- Getting Over the Denial of Aging
There's an old vaudeville joke that goes "Denial is not just the name of a river in Egypt." It's no joke to say that books denouncing "magical thinking" will always be timely, and none is more timely that Muriel Gillick's The Denial of Aging: Perpetual Youth, Eternal Life, and Other Dangerous Fantasies. Like Freud, she wants to disabuse us of our magical thinking about old age and put in its place the reality principle. She's got her work cut out for her.
Let's start with a depressing statistic. Each year, sales of antiaging nostrums break new records—more than six billion dollars last year—a strange fact when you realize that, in terms of scientific efficacy, there is no such thing as antiaging medicine. It gets worse. Today there are more doctors in the United States who are members of the American Academy of Anti-Aging Medicine than there are board-certified geriatricians, while training of new geriatricians lags far behind the need. Health care professionals are poorly prepared for the "age boom" soon to be upon us—a precarious situation at a time when more than eight thousand baby boomers are turning sixty each day.
For these reasons, Gillick's book could not appear at a better time. We should send a copy to every member of Congress, as well as to all those doctors peddling bogus antiaging remedies. Readers need her message more than ever, but, alas, they seem unlikely to hear it at all as they rush to pick up prescriptions for human growth hormone, antioxidants, or other "dangerous fantasies" that Gillick decries. Hey, it's a six billion dollar a year business and growing fast! It's enough to make one give up on the idea of autonomy (or the market-place?) in the pursuit of health.
The facts about so-called antiaging medicine are clear enough. No interventions have ever been shown to slow or reverse the biological process of aging. None. Or perhaps there's one exception: caloric restriction—that is, eating less. This drastic approach has long been proven to work with every lower organism on which it has been tried. But it means eating a lot less if you want to live longer: say eighteen hundred calories a day for the average person. Experiments with primates are now underway, but their long lifespan means the jury is still out. Yet even before our current epidemic of obesity, caloric restriction was never popular with Americans. Other "remedies" for aging will hit your pocketbook and perhaps damage your health with side effects (cancer, carpal tunnel syndrome, etc.), but they will fail to do what their promoters promise. Still, the quest goes on, as Ponce de León would have understood. Indeed, even many serious biologists believe that, before long, basic biological research may yield clues to slow the process of aging. Whether such innovations could or should take place is not Muriel Gillick's concern, nor is it the focus of this review.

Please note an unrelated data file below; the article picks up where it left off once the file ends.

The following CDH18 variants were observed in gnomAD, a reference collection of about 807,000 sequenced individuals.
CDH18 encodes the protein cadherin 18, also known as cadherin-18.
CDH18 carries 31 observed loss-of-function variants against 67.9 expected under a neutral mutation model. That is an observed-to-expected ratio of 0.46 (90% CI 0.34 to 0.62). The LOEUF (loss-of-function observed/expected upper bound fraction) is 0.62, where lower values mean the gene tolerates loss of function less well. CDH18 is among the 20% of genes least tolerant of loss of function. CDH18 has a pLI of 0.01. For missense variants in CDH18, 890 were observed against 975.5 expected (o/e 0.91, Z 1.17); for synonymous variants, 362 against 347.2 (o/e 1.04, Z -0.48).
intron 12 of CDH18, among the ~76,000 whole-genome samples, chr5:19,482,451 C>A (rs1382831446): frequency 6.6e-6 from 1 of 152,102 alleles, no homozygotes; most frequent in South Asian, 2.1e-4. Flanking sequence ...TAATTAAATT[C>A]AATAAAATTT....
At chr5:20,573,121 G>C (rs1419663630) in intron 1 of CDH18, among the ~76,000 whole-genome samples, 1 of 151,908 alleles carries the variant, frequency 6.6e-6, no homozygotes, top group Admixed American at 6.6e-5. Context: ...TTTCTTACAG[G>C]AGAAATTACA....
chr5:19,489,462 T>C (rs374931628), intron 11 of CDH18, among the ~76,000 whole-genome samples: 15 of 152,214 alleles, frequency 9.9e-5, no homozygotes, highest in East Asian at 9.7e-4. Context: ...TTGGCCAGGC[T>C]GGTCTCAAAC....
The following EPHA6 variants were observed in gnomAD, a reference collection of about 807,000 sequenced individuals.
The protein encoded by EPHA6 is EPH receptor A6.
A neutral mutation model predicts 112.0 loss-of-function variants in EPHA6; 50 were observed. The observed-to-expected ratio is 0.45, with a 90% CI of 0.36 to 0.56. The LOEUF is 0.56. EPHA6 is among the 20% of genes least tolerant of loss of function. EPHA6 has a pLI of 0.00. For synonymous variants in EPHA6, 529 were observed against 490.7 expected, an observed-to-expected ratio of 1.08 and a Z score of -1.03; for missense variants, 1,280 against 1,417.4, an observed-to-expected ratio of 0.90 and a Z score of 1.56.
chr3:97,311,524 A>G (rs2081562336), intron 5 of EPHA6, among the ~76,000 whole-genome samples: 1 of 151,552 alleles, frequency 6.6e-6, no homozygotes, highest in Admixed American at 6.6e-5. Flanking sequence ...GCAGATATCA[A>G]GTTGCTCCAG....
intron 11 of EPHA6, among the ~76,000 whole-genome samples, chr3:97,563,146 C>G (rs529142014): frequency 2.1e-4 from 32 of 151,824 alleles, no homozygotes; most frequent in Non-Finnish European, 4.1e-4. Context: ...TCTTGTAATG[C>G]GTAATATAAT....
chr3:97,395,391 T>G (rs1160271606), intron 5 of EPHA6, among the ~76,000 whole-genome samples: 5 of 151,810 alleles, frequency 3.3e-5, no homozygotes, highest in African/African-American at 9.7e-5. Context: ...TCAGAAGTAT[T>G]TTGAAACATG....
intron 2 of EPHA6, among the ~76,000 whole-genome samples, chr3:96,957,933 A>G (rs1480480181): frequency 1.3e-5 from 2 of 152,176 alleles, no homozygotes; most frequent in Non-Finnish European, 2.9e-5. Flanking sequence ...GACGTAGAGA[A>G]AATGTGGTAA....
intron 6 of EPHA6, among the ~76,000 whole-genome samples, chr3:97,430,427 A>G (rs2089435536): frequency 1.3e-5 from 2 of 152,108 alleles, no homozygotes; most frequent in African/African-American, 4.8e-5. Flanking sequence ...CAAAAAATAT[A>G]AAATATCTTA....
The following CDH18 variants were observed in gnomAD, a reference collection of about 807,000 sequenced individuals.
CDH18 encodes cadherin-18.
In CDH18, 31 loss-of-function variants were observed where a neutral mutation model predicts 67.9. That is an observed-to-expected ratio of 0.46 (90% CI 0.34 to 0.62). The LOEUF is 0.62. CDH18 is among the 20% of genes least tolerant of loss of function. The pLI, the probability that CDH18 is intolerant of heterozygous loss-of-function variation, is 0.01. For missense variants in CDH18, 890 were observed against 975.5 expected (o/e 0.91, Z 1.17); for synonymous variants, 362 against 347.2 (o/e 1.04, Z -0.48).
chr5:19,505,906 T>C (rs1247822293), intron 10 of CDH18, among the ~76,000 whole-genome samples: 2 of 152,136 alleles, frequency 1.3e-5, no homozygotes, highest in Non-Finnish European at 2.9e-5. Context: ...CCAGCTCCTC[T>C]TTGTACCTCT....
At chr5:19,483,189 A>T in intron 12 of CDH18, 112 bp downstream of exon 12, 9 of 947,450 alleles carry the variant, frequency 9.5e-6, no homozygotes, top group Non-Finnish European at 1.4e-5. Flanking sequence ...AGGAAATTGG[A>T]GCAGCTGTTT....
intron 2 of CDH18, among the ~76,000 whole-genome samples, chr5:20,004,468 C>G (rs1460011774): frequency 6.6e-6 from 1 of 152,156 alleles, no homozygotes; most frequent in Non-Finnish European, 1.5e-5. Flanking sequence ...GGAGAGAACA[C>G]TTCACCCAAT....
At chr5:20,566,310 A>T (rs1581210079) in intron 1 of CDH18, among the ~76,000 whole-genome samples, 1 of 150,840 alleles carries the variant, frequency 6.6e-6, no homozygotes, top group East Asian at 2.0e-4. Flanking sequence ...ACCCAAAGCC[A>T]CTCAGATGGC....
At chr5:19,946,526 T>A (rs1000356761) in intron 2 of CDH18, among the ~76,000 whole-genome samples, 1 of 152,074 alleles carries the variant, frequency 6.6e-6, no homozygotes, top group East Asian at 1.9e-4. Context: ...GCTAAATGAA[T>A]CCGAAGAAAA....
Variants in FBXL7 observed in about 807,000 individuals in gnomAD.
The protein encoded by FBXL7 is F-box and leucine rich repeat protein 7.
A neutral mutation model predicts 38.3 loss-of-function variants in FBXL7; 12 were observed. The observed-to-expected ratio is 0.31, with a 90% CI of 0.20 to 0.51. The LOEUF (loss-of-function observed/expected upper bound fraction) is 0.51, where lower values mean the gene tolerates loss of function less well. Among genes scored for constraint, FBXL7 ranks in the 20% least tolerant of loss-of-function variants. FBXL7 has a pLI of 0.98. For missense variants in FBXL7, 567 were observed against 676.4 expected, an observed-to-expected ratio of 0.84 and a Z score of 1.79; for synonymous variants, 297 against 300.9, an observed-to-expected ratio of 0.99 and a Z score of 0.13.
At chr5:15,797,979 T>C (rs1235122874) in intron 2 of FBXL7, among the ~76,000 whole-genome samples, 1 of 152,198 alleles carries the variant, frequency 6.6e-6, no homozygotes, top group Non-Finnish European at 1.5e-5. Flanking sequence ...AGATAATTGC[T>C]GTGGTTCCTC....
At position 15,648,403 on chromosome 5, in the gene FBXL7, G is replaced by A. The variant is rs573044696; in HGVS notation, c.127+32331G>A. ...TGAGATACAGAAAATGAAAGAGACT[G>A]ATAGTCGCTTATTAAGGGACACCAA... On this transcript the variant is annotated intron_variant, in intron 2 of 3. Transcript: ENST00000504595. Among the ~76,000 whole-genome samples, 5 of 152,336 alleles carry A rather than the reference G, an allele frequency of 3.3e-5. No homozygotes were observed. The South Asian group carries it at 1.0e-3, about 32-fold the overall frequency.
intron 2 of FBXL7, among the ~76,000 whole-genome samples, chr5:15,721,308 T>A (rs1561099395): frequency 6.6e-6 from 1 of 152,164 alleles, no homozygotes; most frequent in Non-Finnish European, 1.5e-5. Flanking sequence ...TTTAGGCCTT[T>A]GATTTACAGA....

Gillick writes as an experienced practitioner of geriatric medicine, and she's at her best in chapters focused on that topic. But she also wants to offer advice to her fellow aging baby boomers: ". . . if baby boomers are to have a good old age, we will need to stop squandering resources on tests and treatments that offer little or no benefit" (p. 12).
Her main message appears at the beginning of the book. If we want a good old age, we need to start early—hence preventive medicine and health promotion are the way to go. But it's not easy to travel that road. Gillick believes we're spending our health care resources on all the wrong things—such as attacking uncommon and incurable conditions—while we ignore prosaic problems, like falls and social isolation, that are damaging but within our power to fix. By the time we join the ranks of the "worried well," boomers who believe in autonomy will be demanding more and more screening tests. Those tests are neither cheap nor harmless. And by the time we or our aging parents reach...